When we -- and by "we" I mean "me" and the only other person in this company of 500 people willing to go outside -- walked into the warming house at downtown Saint Paul's fabulous "Winter Skate" pavilion this afternoon, it was as if we'd rescued castaways.
The two workers inside were huddled over two Buddy Heaters. The normal propane heating system wasn't working. The coffee maker had stopped working because the water line (inside the warming hut) had frozen. And, worst of all, we were the first humans they'd seen all day.
It was -5 and it fell to two from-out-of-state ringers to uphold the image of the hearty Minnesotan.
The ice was perfect; not a blade had touched it all day. The sun was delightful. The air was like CPR for boredom. This is the way winter was meant to be experienced.
But not by Minnesota, apparently.
The rink usually closes down at the end of the Winter Carnival (its last day is Sunday). Last year, Saint Paul kept it open for an additional two weeks so NBC could feature it as part of Hockey Day in America, creating the illusion of a people unfazed by the challenges of the place they've chosen to live.
"I haven't been out of the skyway system in four days," a colleague joked this afternoon. Perfectly understandable; he grew up here.
Two years ago today, I was in Moorhead preparing for coverage of the Red River flooding. It was -10 below and I wrote this:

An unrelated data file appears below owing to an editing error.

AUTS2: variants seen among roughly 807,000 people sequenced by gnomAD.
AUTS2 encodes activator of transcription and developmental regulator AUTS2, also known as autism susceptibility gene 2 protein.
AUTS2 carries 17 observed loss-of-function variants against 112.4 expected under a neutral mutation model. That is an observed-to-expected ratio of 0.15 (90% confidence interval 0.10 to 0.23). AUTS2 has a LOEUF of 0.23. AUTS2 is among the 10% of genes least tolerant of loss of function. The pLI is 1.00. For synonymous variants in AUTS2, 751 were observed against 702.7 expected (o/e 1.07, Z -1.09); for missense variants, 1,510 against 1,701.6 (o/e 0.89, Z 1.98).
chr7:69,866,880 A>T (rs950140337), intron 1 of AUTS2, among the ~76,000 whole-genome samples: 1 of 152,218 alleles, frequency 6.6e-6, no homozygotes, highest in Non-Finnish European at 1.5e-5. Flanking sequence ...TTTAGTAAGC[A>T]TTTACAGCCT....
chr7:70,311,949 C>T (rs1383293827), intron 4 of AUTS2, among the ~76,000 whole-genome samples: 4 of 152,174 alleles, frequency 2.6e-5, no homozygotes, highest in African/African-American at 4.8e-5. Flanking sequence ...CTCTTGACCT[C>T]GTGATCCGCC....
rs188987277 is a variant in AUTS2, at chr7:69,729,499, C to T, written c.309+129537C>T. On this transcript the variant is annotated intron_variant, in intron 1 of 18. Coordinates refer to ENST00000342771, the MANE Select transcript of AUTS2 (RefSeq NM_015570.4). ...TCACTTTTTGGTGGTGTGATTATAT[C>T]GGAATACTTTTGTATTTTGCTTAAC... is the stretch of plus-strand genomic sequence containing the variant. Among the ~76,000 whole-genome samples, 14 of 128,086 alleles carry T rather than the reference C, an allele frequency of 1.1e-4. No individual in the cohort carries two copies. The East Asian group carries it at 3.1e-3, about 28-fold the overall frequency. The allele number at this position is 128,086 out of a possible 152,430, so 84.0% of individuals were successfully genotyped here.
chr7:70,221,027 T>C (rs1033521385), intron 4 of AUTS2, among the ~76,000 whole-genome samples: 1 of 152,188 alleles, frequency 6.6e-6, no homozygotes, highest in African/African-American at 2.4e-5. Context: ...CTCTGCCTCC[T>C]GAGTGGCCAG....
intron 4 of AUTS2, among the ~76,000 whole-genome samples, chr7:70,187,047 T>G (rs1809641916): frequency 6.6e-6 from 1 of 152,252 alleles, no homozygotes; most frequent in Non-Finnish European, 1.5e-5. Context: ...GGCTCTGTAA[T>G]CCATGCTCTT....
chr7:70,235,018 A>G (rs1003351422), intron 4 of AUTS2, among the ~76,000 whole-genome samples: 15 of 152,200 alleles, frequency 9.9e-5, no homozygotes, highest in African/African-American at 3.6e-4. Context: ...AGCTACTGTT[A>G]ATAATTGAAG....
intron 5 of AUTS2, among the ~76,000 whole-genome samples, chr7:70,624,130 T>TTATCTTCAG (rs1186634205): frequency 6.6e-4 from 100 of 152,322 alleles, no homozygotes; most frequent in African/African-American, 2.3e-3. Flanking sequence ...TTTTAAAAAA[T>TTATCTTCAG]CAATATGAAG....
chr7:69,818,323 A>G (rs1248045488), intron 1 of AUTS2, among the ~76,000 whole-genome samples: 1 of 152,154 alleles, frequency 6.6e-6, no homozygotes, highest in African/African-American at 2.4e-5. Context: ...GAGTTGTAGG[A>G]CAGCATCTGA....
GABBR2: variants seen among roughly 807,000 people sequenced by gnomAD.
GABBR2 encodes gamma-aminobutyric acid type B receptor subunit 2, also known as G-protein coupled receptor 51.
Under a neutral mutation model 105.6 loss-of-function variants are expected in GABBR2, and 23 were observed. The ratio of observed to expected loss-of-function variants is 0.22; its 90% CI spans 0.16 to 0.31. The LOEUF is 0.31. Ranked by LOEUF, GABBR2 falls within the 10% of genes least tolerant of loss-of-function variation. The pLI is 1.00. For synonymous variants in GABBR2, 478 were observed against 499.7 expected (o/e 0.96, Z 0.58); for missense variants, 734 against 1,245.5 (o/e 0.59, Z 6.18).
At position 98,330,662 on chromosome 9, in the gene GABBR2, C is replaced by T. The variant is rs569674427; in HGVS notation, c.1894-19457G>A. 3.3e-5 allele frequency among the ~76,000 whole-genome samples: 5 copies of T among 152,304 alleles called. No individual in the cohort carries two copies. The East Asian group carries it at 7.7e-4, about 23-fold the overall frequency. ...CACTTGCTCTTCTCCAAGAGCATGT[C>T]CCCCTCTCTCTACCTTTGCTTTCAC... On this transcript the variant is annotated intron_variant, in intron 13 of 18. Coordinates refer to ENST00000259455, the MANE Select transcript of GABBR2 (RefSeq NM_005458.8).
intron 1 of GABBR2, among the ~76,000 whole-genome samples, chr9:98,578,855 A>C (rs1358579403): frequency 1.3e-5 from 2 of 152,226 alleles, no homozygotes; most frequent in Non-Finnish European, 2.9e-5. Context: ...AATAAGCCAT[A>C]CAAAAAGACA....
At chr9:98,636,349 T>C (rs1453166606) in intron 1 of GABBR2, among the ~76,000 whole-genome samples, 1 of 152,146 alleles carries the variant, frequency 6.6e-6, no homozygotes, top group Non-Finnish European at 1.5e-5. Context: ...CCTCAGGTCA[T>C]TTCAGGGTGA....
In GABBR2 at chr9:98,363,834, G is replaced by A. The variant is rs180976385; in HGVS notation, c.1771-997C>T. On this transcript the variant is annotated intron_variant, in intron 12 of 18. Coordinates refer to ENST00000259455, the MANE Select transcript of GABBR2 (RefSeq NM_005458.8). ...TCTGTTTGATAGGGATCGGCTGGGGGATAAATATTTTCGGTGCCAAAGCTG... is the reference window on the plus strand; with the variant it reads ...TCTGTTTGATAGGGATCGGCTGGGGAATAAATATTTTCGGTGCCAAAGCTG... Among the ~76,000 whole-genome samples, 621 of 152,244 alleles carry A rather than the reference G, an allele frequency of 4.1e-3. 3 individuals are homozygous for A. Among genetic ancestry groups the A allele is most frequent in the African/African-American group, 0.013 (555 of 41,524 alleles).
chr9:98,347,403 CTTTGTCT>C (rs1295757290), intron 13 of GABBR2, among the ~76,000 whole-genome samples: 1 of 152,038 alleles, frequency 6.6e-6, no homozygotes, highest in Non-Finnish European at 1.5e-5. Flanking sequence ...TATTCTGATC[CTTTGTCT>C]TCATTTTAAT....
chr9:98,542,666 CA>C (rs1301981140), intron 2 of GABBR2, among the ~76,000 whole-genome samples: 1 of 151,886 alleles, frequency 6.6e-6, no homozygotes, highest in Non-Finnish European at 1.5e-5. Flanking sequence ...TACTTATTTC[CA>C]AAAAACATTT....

I know what you're thinking: This winter can't end soon enough and thank goodness it's warming up. It was -10 this morning, and we may not see that again until next year. Winter is a punch-drunk fighter; that was his/her last shot. Now that I know it's leaving, it's easier to miss it already.
Here's a picture I took of the area just south of Moorhead earlier this week. Look at the blue of the sky. Feel that sunshine. Listen to the snow squeak as you walk on it. It was about 9 below -- the kind of temperature that gives you a sense of accomplishment when you walk from the house to the car and live to write about it.
You can't turn the heater on "high" because of the whine of whatever mechanics are going on under the hood that protest the burden. But it's OK, because the sun coming through the car windows provides enough heat to survive, even though your toes let you know you're still alive.
You can't do that when you're standing on a crowded light-rail car with broken air conditioning... as we'll soon find out.
Write if you get work, winter.
Winter relishes a good fight. But today, it was bored, too. Minnesota had given up.
(Photo: Linda Fantin. Native of Wyoming)
I can't help but wonder if our modified winter storm/wind chill advisories and warnings are making people shy about adventuring into the weather...
One winter back when I was in high school, we had a nasty, bitter arctic front come through, and they didn't cancel school. We didn't even have a 2 hour delay. We were told, by the principal, to wear adequate winter gear. We're talking 30 to 40 below temps, and that's not including the wind chill. These days, they delay or cancel schools for temps much warmer than that.
But I will say that hearty, brave, fearless, and car-less Minnesotans can still be found enduring the cold and wind at bus stops and train stations throughout the metro.
Bob, just head down to the West or East River Rd ,or the Lakes at 6 am and you'll see some tough people--out running and defeating winter in their own little way.
Or head to the Loppet this weekend and see all the skiers skiing on grass...